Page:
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Fresno Area Kids Get An Up-Close Look At 'Smart' Robots

It’s Sunday morning in downtown Fresno, and a classroom full of 10-year olds is about to meet an important visitor: a 2-foot-tall, red and white robot.

“Hello, my name is NAO,” says the robot, standing up on a table.

He looks like a mix between a Transformer and a Power Ranger: big head, square shoulders, and what looks like thick gloves and boots. He can wave his arms, walk, dance, and blink his eyes—just like a tiny human.

“I can recognize your face, answer questions, and even play soccer like a pro,” he continues.

NAO was designed to be an interactive companion for people. He’s completely programmable, from the faces he recognizes to what he says and how he moves. And he’s equipped with a library of emotions. When he’s disappointed, he lowers his eyes and shakes his head. Victory is a fist-pump. He can even crouch down and cackle with glee. 

But NAO isn’t in Fresno to show off—he’s here as part of a tech workshop to teach kids how they can develop and use advanced robots. 

Credit Kerry Klein
From left to right, elementary schoolers Zoya Popenoe and Riley Prindiville learn NAO’s programming software.

  “The thing for us is to show them that they don't have to be just users of technology,” says Nicolas Rigaud of for Aldebaran Robotics, the Japanese-owned French company that created Nao. “They can also be creators and build things.”

Rigaud brought the robot to Fresno on the way home from the Consumer Electronics Show in Las Vegas—one of the biggest tech conventions in the world. He says he wants to demonstrate creative ways of interacting with technology.

“We have this sentence,” says Rigaud: “your kids play games, mine make them. And that's really the whole idea for us.”

This is the first time kids in Fresno have had access to such advanced, humanoid robots—ones that can be programmed to hold conversations and share emotions.  

The workshop is taking place at Geekwise Academy, the educational arm of local tech company Bitwise. Here, a half-dozen fifth-graders and their parents are gathered in a basement classroom with laptops. Their task: write a story for the robot to act out.

“One of the things that is important,” says Rigaud to the room, “is that the robot is not just going to tell a story, but he's also going to express emotions with his body.”

The students begin by learning how to use basic programming software. Within minutes, they start to string together multiple commands: things like, say this phrase, look excited, and do a little dance. Most of their stories are about parties and friendship, and involve a fist pump or two. NAO shouts “yahoo yahoo yahoo!” at the end of one.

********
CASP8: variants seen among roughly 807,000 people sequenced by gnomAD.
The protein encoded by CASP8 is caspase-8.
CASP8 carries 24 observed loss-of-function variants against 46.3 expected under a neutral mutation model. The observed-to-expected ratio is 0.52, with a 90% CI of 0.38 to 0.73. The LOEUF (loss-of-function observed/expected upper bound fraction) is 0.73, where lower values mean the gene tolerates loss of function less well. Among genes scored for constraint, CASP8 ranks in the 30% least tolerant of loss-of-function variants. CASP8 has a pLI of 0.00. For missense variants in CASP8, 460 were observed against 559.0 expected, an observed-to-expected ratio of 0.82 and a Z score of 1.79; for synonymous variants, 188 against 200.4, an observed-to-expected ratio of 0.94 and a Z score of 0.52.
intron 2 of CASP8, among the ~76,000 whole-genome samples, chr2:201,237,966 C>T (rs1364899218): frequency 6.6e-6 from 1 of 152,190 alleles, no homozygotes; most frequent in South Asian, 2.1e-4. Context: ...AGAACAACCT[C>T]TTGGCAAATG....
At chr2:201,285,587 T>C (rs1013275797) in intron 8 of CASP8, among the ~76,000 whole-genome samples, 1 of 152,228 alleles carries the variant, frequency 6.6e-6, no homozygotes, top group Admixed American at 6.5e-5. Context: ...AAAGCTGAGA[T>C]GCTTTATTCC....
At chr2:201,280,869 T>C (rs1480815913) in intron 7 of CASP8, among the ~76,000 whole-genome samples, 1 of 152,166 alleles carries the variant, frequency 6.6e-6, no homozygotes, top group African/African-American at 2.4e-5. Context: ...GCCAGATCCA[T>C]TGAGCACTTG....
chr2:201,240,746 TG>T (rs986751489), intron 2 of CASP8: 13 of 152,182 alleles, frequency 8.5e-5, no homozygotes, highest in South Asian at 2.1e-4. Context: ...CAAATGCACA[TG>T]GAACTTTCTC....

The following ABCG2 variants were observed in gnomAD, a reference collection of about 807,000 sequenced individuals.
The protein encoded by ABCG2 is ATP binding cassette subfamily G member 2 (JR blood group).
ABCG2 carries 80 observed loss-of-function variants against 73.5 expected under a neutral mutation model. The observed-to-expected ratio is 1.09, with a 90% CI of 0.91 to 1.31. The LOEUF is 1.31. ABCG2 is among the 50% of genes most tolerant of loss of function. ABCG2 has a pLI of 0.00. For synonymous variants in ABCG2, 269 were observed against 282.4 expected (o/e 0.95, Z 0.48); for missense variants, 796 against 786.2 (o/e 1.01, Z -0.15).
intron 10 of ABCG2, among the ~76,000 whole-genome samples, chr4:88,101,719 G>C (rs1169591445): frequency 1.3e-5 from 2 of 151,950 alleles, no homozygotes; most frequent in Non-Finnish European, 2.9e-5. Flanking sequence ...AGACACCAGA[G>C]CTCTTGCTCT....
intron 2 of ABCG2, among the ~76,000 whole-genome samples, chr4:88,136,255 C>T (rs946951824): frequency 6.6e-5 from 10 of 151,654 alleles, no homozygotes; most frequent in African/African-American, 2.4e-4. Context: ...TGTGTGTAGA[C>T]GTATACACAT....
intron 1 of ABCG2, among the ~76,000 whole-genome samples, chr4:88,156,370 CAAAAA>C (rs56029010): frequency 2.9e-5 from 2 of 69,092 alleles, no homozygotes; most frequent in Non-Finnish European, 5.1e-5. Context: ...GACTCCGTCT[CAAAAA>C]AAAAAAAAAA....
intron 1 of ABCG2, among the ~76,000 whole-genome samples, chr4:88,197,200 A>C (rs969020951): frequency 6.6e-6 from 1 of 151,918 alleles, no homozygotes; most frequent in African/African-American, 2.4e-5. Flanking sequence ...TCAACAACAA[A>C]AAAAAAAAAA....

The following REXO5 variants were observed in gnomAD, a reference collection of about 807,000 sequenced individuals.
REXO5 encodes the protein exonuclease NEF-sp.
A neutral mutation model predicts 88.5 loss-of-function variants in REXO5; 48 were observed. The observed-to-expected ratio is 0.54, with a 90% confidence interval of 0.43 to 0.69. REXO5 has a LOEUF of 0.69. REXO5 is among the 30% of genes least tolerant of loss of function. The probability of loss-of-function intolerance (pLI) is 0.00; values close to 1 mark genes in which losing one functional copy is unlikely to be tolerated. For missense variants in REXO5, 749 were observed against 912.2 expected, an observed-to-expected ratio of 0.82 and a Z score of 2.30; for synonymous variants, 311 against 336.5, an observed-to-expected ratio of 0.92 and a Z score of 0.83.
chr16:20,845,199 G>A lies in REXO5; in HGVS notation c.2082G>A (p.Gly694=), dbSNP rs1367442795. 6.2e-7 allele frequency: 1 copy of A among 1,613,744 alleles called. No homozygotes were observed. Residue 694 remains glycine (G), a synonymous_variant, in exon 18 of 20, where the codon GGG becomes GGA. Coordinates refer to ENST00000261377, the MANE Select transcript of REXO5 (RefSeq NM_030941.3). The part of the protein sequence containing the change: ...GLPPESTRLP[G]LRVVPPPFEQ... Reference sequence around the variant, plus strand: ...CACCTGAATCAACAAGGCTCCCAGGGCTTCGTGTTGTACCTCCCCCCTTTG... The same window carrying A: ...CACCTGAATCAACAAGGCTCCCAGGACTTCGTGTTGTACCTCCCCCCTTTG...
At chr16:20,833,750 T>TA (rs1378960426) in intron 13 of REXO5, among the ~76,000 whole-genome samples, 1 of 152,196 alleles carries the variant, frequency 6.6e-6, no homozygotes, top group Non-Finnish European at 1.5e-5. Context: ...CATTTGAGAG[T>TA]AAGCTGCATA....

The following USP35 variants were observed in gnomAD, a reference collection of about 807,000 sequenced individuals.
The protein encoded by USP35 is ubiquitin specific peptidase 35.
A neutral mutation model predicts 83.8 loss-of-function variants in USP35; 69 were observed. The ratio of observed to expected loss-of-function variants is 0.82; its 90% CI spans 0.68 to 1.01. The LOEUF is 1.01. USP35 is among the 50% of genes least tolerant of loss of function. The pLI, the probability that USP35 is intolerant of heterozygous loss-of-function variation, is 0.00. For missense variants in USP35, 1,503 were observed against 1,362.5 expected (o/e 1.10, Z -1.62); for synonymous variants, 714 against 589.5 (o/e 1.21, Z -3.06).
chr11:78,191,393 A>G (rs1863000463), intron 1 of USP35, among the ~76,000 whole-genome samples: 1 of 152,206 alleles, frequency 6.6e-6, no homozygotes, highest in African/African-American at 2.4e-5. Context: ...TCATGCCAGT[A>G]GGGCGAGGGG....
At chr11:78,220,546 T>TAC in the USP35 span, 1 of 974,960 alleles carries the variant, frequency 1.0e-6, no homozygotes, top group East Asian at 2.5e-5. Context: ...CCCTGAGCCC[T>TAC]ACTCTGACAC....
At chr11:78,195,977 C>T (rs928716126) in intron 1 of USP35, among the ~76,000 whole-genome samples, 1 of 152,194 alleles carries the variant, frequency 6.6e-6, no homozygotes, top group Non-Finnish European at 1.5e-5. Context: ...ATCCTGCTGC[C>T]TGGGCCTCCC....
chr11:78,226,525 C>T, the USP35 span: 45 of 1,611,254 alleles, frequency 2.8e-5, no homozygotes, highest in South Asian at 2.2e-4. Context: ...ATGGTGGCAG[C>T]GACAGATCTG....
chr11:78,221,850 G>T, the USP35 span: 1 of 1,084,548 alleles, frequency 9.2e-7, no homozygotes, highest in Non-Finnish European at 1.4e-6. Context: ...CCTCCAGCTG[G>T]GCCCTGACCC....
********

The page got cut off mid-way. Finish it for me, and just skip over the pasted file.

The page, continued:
"The thing for us is to show them that they don't have to be just users of technology... they can also be creators and build things." - Nicolas Rigaud, Aldebaran Robotics

  Riley Prindiville of Fairmont School in Sanger really likes robots. She’s counting down the months until she can join a robotics team at school. She gives this workshop a thumbs up.

“Yeah, I loved it,” she says. “It's just really interesting to be able to interact with the robot.”

For Carruthers Elementary Schooler Sebastian Lopez-Solis, the joy is in writing his story about the robot slaying dragons.

“I thought it was really cool to see the robot dance and basically tell stories,” he says.

Csaba Toth is a local software developer who organized the event. He met Rigaud at a conference a few months ago and invited him to Fresno. Originally, he wanted Rigaud to speak to other developers. But then he realized the potential for kids.

“Now I'm so happy to saw how kids were excited,” says Toth. “I'm really happy that this came together.”

He says he’ll be inviting Aldebaran Robotics and other tech developers back for more events later on this year.

Kerry Klein is an award-winning reporter whose coverage of public health, air pollution, drinking water access and wildfires in the San Joaquin Valley has been featured on NPR, KQED, Science Friday and Kaiser Health News. Her work has earned numerous regional Edward R. Murrow and Golden Mike Awards and has been recognized by the Association of Health Care Journalists and Society of Environmental Journalists. Her podcast Escape From Mammoth Pool was named a podcast “listeners couldn’t get enough of in 2021” by the radio aggregator NPR One.
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